Chimpanzees ‘keep their beds cleaner than humans’ because they build complex tree nests out of branches and leaves which contains less bacteria than most households
- Chimp forest nests were found to contain fewer body bacteria than human beds
- An American researcher led a team collecting samples from 41 chimp nests
- The apes build complex nests out of branches which can be high up in trees
Chimpanzees keep their beds cleaner than humans, scientists have discovered.
The great apes build complex tree nests out of branches and leaves in which they sleep. And they set an example the average human teenager would find tough to follow.
In fact chimp forest nests contain fewer body bacteria – such as those shed from the skin – than beds in most human households.
American PhD student Megan Thoemmes, who led a team collecting swab samples from 41 chimpanzee nests in the Issa Valley, Tanzania, found the chimp nests had a much greater variety of bugs – a finding that was not unexpected in tropical forests.
Many chimpanzees were found to keep their beds cleaner than most human teenagers would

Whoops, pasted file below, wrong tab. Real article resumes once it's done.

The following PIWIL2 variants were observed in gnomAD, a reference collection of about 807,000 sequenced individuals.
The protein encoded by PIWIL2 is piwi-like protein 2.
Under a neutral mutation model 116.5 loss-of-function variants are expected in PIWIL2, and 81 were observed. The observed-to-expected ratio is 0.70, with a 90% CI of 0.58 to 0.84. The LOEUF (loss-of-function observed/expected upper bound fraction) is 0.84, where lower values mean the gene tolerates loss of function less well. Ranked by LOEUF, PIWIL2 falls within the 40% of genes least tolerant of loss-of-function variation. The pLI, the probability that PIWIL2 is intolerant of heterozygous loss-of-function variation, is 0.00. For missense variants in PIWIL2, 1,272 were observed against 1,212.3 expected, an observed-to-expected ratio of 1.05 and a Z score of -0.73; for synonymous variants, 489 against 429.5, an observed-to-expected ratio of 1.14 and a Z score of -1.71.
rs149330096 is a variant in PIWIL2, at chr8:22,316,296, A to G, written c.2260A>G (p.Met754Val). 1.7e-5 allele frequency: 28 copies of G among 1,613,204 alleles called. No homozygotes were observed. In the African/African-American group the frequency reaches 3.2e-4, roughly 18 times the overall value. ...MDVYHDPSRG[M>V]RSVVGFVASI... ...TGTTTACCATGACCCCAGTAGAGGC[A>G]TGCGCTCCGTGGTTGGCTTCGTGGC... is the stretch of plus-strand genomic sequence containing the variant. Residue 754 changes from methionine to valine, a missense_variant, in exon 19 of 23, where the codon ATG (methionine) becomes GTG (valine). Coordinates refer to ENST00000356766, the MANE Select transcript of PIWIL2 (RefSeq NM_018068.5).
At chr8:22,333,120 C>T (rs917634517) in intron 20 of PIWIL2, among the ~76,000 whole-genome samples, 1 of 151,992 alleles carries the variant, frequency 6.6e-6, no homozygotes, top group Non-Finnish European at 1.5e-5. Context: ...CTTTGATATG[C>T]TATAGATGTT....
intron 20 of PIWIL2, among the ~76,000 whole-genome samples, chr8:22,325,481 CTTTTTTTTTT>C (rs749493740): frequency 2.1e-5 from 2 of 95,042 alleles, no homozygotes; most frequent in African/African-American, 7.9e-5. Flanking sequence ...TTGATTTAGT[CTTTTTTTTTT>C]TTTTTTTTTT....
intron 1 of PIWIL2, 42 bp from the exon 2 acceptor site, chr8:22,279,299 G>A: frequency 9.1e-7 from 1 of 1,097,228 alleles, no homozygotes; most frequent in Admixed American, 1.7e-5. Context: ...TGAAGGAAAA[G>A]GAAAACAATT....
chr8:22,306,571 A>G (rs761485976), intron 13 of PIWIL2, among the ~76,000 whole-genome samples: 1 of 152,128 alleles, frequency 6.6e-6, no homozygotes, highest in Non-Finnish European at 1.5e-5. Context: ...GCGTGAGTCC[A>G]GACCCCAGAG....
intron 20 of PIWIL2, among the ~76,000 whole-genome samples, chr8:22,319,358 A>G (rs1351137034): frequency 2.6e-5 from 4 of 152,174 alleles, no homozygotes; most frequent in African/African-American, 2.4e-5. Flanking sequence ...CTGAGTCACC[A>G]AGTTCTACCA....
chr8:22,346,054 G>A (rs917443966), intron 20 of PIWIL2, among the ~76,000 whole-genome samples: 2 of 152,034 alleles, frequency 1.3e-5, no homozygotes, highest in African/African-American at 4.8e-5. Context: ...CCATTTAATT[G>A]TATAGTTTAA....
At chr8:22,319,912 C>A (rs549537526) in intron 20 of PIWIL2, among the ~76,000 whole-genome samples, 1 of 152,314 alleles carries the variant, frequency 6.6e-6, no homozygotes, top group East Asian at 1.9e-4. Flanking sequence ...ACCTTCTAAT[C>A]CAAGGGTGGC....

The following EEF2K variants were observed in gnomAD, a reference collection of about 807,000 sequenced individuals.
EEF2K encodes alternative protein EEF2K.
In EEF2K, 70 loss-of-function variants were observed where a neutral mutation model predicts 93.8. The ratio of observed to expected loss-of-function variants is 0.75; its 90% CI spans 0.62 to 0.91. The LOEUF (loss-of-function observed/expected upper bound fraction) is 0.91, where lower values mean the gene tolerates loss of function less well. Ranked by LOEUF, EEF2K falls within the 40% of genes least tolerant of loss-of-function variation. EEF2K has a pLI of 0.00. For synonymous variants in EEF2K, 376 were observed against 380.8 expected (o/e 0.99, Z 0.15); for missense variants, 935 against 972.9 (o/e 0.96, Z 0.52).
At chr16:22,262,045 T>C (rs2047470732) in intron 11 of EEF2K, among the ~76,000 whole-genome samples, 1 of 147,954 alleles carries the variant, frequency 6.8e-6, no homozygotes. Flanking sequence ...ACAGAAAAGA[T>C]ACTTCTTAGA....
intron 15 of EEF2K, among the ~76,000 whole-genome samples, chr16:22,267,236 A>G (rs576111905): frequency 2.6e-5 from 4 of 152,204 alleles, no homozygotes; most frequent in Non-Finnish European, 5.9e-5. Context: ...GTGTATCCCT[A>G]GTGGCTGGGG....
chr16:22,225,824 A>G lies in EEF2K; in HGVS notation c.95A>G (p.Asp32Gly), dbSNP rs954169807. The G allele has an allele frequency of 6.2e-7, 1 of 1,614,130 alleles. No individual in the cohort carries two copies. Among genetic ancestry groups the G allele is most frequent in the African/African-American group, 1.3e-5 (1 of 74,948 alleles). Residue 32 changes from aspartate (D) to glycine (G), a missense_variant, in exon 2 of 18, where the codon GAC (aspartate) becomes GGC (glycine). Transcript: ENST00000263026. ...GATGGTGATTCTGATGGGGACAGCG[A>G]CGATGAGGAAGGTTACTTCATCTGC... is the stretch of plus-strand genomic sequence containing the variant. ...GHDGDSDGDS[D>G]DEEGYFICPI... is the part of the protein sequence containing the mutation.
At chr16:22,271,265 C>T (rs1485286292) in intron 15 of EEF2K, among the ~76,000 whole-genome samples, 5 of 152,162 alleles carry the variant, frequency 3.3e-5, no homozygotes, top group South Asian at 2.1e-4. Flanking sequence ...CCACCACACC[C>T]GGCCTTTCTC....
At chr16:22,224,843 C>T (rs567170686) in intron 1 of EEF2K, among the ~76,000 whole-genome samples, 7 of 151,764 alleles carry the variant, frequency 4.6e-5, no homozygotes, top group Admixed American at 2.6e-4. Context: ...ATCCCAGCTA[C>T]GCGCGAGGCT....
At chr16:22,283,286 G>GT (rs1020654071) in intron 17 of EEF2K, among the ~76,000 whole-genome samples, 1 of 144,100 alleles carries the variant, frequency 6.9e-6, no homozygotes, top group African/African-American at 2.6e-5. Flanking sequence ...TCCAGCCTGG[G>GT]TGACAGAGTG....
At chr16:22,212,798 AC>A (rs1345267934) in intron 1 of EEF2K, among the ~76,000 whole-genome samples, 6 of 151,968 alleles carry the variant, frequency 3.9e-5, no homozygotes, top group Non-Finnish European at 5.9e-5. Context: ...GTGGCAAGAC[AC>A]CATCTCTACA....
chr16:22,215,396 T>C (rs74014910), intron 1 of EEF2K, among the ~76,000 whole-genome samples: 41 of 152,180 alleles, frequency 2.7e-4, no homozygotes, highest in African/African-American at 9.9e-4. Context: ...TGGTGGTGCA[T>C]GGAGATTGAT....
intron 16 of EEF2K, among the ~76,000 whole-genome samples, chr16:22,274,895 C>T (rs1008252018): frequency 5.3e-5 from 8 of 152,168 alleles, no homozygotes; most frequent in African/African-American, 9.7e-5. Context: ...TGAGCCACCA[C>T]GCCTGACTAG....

41 chimp nests were examined by American researchers in the wild Issa Valley in Tanzania
However, they were far less likely to harbour ‘dirty’ bacteria from the mouth, skin or elsewhere in the body.
‘We found almost none of those microbes in the chimpanzee nests, which was a little surprising,’ said Ms Thoemmes, from North Carolina State University.
The scientists were in for another shock when they tried to vacuum up parasitic arthropods – fleas and lice – from the chimpanzee nests.
They expected to find hoards of the bloodsuckers, but collected no more than a handful.
Ms Thoemmes said: ‘There were only four ectoparasites found, across all the nests we looked at. And that’s four individual specimens, not four different species.’
She added: ‘This work really highlights the role that man-made structures play in shaping the ecosystems of our immediate environment.
‘In some ways, our attempts to create a clean environment for ourselves may actually make our surroundings less ideal.’
The research appears in the journal Royal Society Open Science.
The scientists had been expecting to find hundreds of insects and bloodsuckers but only collected a handful
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